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Honing Your Health-Related Habits: 10 Strategies

Clinical Expertise

May 17, 2022

Medical Reviewer: Nina Silander, PsyD
Last Updated: May 17, 2022

When it comes to your physical health, and even rehabilitation needs, your physician and/or other providers may have been encouraging you to make certain changes. While some aspects of your physical health may be beyond your immediate control, your lifestyle and ‘health behaviors’ are controllable and can influence your physical health.

Yet, implementing and maintaining any new habit falls under the category of “easier said than done.” We have all been there. Fortunately, psychologists are behavioral health experts and know a thing or two about making new habits stick.

Types of health-related goals

  • Measure glucose levels routinely if diabetic
  • Engage in self-directed rehab exercises
  • Quit smoking
  • Take prescribed medication consistently
  • Modify eating habits
  • Increase activity levels
  • Sleep with CPAP/BiPAP regularly if diagnosed with sleep apnea
  • And many more!

What are SMART Goals?

The SMART goal method is a valuable way of creating small, pointed personal goals, particularly to meet an overarching mission or broader target (e.g., improve management of diabetes, reduce risk of future stroke, lose weight for a transplant, etc.). With a goal or new habit in mind, ask the following questions:


  • Who? What? When? Where? Why? Which?


  • How much? How often?
  • How would I know when I can ‘check’ the task off of my ‘To Do’ list


  • Do I have what I need to complete this goal (e.g. skills, tools, support, knowledge, etc.)?


  • Is the task or habit related to my over-arching goal (e.g. become healthier, lose weight, etc.)?


  • What is the deadline? When will I assess progress?
  • What is my short-, mid-, and long-term goal trajectory, if applicable?

Assessing whether your tentative goals meet SMART goal criteria is a great start. Here are some additional tips to creating goals and forging new habits.


1. Pick your best time of day

Are you an early worm or night owl? For more involved tasks (e.g., self-directed rehab), you may consider the time of day you are most alert and motivated. If possible, avoiding the stress associated with forging a new habit closer to bedtime is wise.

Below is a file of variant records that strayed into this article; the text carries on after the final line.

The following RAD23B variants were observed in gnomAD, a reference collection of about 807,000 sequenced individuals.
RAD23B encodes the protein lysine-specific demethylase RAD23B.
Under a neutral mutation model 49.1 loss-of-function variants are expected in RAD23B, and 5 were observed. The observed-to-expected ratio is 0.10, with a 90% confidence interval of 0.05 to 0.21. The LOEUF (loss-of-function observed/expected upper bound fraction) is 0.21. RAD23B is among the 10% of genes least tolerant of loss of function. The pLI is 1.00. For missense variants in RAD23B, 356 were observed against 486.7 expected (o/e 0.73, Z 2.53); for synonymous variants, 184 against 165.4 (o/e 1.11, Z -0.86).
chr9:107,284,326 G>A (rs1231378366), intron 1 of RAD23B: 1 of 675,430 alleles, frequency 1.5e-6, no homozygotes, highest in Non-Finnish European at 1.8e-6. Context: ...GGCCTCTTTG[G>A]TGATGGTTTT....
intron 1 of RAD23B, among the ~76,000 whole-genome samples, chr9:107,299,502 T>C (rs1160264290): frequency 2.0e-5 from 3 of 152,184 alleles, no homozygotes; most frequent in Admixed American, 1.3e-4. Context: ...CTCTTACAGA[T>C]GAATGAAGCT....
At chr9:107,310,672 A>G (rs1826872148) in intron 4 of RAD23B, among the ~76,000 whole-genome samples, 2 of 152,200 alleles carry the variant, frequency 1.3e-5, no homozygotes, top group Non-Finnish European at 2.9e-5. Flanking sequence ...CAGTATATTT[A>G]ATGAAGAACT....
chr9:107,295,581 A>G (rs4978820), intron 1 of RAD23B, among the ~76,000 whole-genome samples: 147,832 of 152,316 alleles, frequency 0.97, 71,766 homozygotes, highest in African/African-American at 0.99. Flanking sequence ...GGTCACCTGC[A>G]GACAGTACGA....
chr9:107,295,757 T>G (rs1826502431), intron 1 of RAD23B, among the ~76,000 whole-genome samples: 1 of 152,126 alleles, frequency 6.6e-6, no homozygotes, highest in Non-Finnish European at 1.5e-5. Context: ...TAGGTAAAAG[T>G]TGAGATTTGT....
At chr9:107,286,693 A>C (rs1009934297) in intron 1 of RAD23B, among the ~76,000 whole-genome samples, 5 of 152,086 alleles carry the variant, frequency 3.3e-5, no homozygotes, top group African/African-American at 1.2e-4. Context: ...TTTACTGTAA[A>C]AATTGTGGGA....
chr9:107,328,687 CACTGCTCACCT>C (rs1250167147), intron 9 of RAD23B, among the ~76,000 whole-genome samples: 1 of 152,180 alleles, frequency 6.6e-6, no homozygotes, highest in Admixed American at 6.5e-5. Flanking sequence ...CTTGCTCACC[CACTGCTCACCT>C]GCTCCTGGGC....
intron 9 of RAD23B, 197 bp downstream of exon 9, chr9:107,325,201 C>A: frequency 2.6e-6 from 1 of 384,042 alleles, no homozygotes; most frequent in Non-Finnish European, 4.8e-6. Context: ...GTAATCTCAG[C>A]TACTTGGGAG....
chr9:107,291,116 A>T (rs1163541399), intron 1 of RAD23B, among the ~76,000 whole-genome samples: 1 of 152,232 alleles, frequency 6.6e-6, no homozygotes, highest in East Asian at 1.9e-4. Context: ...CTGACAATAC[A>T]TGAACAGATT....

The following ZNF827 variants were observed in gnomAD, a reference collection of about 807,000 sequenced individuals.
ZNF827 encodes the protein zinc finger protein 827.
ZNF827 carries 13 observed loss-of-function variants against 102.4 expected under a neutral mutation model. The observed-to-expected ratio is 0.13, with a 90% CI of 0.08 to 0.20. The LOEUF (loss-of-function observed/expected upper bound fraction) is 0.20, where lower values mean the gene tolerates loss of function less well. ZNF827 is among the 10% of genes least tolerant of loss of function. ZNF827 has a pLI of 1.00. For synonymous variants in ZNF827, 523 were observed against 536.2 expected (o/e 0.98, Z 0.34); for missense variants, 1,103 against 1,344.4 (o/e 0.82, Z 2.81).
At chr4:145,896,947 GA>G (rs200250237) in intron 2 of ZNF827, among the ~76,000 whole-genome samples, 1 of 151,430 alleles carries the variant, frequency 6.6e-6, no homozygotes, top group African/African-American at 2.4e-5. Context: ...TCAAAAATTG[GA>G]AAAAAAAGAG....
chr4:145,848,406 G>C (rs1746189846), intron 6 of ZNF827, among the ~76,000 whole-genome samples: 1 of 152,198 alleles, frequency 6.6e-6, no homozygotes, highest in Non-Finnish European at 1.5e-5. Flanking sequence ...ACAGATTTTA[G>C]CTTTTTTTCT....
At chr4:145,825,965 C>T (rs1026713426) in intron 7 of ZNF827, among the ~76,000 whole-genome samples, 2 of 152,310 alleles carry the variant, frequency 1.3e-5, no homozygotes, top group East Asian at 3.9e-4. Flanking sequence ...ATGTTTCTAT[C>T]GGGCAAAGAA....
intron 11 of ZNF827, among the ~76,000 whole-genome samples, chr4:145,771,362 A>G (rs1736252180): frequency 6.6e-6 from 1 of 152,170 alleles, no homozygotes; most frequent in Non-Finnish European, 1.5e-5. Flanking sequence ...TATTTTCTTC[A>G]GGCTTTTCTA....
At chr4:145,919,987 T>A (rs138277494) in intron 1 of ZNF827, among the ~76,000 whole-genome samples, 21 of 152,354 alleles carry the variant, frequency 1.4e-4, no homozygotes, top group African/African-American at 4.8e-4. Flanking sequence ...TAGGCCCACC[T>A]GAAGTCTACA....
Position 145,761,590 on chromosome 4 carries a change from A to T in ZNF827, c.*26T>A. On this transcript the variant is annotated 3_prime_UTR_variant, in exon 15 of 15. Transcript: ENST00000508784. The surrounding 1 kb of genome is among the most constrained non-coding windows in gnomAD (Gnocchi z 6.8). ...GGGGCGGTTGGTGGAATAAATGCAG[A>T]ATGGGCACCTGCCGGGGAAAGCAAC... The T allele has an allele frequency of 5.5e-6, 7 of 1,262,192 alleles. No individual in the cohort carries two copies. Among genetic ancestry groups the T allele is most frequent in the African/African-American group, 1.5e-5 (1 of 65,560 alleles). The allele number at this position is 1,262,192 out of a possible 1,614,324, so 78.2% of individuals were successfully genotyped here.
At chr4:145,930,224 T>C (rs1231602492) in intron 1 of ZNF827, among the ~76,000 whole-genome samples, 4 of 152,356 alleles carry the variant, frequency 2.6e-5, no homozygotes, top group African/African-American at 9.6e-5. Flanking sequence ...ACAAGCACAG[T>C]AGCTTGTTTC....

2. Focus on lifestyle changes

When considering what changes to make, consider what kind of change will be sustainable and realistic. For many, adopting a diet feels restrictive, joyless and even punishing. Instead, think about modifying aspects of your eating habits (e.g., reducing number of sugary drinks per day, shifting the vegetables to carbohydrates ratio, using an air fryer rather than deep fryer, etc.). These changes can better accommodate personal tastes, culinary abilities, etc.

3. Sequence tasks

You may be trying to adopt a relatively small habit, and remembering to do it is the hardest part. Consider how it might fit into pre-existing routines (e.g., flossing after brushing teeth, taking medications when having a routine snack or meal).

4. Maintain a calendar or daily schedule/routine

Whether using a paper or electronic calendar, having a daily schedule or routine can help you prepare for, commit to and follow through with daily activities. Lots of unscheduled time can mean idle time, which is not beneficial for overall emotional wellbeing. And scheduled time can include rest. Setting alerts on your device to remind you to complete certain tasks (e.g., take medication at specific times) can also help.

5. Create rewards/incentives

Children will get gold stars for meeting their goals. What about you? Consider a reward at the end of the week and month when you have stayed on track with your goals. The positive reinforcement goes along way. If you’re feeling very unmotivated for certain tasks, consider more immediate rewards for completing parts of it (e.g., sit during a TV show while doing rehab exercises during the commercial breaks).